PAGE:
Hall of Famer John Henry Johnson passes away

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Hall of Famer John Henry Johnson passes away

June 4, 2011MAIOCCO ARCHIVE49ERS PAGE 49ERS VIDEOMatt MaioccoCSNBayArea.comJohn Henry Johnson, a member of the 49ers' famed "Million Dollar Backfield," died Friday. He was 81.Johnson's death comes less than six weeks after Joe "The Jet" Perry passed away. Johnson, Perry, Hugh McElhenny and Y.A. Tittle comprised the only full-house backfield to have all four of its members enshrined into the Pro Football Hall of Fame."I was deeply saddened to hear of John Henry Johnson's passing," 49ers owner and co-chairman John York said. "He was a good friend, not only to my family and me, but the entire 49ers organization. As a member of 'The Million Dollar Backfield' he holds a cherished place in both 49ers and NFL history. His contributions to the game of football will be forever celebrated. Our heartfelt sympathy goes out to the entire Johnson family."

When Johnson, a 6-foot-2, 210-pound fullback, retired after the 1966 season he ranked behind only Jim Brown, Jim Taylor and Perry in NFL career rushing with 6,803 yards.He played just three seasons with the 49ers, and gained 1,051 yards rushing in 31 games. He was traded to the Detroit Lions in 1957, where he won an NFL championship. In 1960, he moved on to the Pittsburgh Steelers, where he enjoyed his best seasons.Johnson became the first player in Steelers history to rush for more than 1,000 yards, accomplishing the feat in 1962 and '64. He was named to the Pro Bowl four times in his career.Johnson played at Saint Mary's College in Moraga until the school discontinued football. After transferring to Arizona State, Johnson was a second-round draft pick of the Steelers. He opted to play his first professional season in the Canadian Football League.When he entered the NFL with the 49ers in 1954, he rushed for 681 yards with a lofty 5.3-yard average.Johnson was inducted into the Pro Football Hall of Fame in 1987.

49ers 2017 NFL Draft picks

49ers 2017 NFL Draft picks

The San Francisco 49ers have a total of 10 picks in the 2017 NFL Draft. 

Here is where they will be on the clock in each round:

49ERS 2017 DRAFT PICKS
1. First round: No. 2 overall
2. Second round: No. 34 overall
3. Third round: No. 66 overall
4. Fourth round: No. 109 overall
5. Fourth round: No. 143 overall (compensatory)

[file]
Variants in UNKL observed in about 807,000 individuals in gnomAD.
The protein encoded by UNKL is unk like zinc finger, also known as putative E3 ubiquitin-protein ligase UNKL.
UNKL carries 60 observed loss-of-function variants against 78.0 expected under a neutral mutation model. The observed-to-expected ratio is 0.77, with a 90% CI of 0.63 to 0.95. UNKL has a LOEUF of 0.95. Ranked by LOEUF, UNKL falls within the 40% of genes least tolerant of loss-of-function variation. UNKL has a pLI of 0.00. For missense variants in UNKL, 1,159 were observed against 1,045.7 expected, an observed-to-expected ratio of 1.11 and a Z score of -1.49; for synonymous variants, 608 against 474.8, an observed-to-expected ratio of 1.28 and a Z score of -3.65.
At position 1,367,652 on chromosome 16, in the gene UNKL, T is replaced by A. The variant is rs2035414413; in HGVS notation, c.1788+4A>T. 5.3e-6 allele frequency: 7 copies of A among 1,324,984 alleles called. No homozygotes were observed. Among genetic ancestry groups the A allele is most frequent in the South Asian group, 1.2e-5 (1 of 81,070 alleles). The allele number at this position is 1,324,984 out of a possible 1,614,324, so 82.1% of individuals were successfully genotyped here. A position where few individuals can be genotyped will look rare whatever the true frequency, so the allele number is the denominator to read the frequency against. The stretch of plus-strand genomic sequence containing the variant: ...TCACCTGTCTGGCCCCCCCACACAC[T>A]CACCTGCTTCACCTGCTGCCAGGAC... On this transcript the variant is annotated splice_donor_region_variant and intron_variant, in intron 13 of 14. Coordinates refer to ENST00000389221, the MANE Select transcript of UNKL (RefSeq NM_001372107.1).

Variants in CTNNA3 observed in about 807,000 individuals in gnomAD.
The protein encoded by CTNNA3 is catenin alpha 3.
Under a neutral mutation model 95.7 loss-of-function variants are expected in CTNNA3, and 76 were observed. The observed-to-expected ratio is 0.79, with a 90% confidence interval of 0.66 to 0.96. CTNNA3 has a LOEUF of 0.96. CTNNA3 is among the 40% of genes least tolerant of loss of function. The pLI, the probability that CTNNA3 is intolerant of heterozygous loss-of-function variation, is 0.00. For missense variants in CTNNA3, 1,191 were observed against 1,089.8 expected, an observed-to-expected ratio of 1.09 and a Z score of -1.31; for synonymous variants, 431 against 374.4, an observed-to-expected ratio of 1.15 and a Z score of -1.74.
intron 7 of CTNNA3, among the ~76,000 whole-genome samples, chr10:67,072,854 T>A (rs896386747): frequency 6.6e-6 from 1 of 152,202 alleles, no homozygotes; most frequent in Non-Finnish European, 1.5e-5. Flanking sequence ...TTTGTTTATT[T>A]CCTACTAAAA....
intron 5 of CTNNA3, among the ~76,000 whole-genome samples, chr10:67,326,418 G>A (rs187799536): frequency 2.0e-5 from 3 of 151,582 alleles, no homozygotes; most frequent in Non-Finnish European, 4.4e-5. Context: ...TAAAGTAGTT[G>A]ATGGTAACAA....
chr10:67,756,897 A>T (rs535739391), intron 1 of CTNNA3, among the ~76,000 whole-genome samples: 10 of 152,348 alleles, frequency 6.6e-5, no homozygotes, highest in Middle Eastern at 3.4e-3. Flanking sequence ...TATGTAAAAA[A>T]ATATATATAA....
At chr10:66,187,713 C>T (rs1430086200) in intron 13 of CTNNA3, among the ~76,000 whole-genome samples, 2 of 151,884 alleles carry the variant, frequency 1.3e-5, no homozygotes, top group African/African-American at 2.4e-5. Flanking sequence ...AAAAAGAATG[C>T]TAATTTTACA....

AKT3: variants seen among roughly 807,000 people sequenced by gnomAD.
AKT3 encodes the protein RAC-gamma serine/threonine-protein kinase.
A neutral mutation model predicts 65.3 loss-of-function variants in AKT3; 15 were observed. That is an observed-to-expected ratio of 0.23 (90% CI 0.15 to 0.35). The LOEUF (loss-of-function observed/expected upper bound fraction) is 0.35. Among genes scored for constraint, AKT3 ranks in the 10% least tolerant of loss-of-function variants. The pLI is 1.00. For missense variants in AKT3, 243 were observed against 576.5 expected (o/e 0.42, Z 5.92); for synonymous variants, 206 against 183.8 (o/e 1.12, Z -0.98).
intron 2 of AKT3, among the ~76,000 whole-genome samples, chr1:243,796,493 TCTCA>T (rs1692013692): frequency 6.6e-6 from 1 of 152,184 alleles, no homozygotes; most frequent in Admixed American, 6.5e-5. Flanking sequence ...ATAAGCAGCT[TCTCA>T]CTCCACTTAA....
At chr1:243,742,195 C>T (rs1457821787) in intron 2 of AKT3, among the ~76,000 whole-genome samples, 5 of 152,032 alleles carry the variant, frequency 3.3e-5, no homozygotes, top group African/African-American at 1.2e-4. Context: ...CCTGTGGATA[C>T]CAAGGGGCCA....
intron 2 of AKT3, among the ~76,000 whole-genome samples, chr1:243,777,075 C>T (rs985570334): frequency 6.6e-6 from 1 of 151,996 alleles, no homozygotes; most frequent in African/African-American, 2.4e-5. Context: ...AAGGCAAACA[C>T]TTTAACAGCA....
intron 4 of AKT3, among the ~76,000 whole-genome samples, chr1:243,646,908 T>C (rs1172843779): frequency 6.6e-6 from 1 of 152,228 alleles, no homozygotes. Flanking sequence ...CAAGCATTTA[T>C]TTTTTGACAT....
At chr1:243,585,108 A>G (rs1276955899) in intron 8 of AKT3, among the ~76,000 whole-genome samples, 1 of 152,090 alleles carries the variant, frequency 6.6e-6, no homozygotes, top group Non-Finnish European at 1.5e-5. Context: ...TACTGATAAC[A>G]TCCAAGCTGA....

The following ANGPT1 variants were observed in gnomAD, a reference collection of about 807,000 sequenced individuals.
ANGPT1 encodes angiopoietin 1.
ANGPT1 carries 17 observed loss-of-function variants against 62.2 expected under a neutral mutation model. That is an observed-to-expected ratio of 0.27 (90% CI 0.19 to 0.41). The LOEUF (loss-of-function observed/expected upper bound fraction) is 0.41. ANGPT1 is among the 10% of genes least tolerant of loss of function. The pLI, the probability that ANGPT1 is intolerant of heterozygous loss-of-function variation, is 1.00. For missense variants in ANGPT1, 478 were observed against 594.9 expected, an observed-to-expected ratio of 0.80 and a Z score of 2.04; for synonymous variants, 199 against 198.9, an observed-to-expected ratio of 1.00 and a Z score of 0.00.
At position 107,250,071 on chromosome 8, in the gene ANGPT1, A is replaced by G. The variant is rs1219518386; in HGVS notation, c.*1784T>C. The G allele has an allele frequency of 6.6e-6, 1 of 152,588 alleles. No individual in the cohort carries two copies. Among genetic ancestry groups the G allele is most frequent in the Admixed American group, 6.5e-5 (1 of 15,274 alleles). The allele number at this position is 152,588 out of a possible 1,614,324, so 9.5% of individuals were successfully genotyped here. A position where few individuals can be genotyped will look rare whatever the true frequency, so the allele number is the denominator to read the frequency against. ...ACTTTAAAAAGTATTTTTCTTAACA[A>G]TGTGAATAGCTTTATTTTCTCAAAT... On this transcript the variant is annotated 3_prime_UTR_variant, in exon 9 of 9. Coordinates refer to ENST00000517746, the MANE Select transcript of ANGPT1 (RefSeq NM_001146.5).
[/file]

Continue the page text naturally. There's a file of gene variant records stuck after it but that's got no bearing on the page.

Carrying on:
6. Fifth round: No. 146 overall
7. Fifth round: No. 161 (pick acquired from Washington in 2015 trade for TE Derek Carrier)
8. Sixth round: No. 186 overall
9. Sixth round: No. 202 overall (pick acquired from Denver in 2015 trade for TE Vernon Davis)
10. Seventh round: No. 219 overall (pick acquired from Cleveland in 2015 trade for Andy Lee)

Jameis Winston: Comments about girls were 'poor word choice'

Jameis Winston: Comments about girls were 'poor word choice'

ST. PETERSBURG, Fla. -- Jameis Winston is back in the spotlight - and not in a positive light - for what he described as a "poor word choice" in comments about women during a talk to Florida grade school students.

The Tampa Bay Buccaneers quarterback, who was accused of raping another student while at Florida State University but never charged, spoke for nearly 40 minutes to third through fifth graders at Melrose Elementary in St. Petersburg during an appearance this week.

When some of the students started getting fidgety, Winston told boys in the audience to stand up and girls to sit down, the Tampa Bay Times (http://bit.ly/2mkiPhJ ) reported.

"All my young boys, stand up. The ladies, sit down," Winston told the children. "But all my boys, stand up. We strong, right? We strong! We strong, right? All my boys, tell me one time: I can do anything I put my mind to. Now a lot of boys aren't supposed to be soft-spoken."

The quarterback went on to say, "But the ladies, they're supposed to be silent, polite, gentle. My men, my men (are) supposed to be strong."

Asked later about the speech, Winston said he was attempting to interact with a young boy in the audience who didn't appear to be paying attention. He said he didn't want to single him out so he asked all the boys to stand.

"During my talk, I used a poor word choice that may have overshadowed that positive message for some," said Winston, who has been active in numerous community and charitable endeavors since entering the NFL as the No. 1 draft pick in 2015.

Bonnie Volland, a speech language pathologist at Melrose, said Winston's message about children being able to accomplish anything was positive. But when he told the boys to stand up and that they are strong, some of the girls took note.

"One of the girls turned around and looked at me and said, "I'm strong, too," Volland told the Times.

Winston was accused of raping a student in 2012 when they were both students at Florida State.

The quarterback has said they had consensual sex. He was not arrested and was never charged. Winston and the accuser settled a civil lawsuit in December.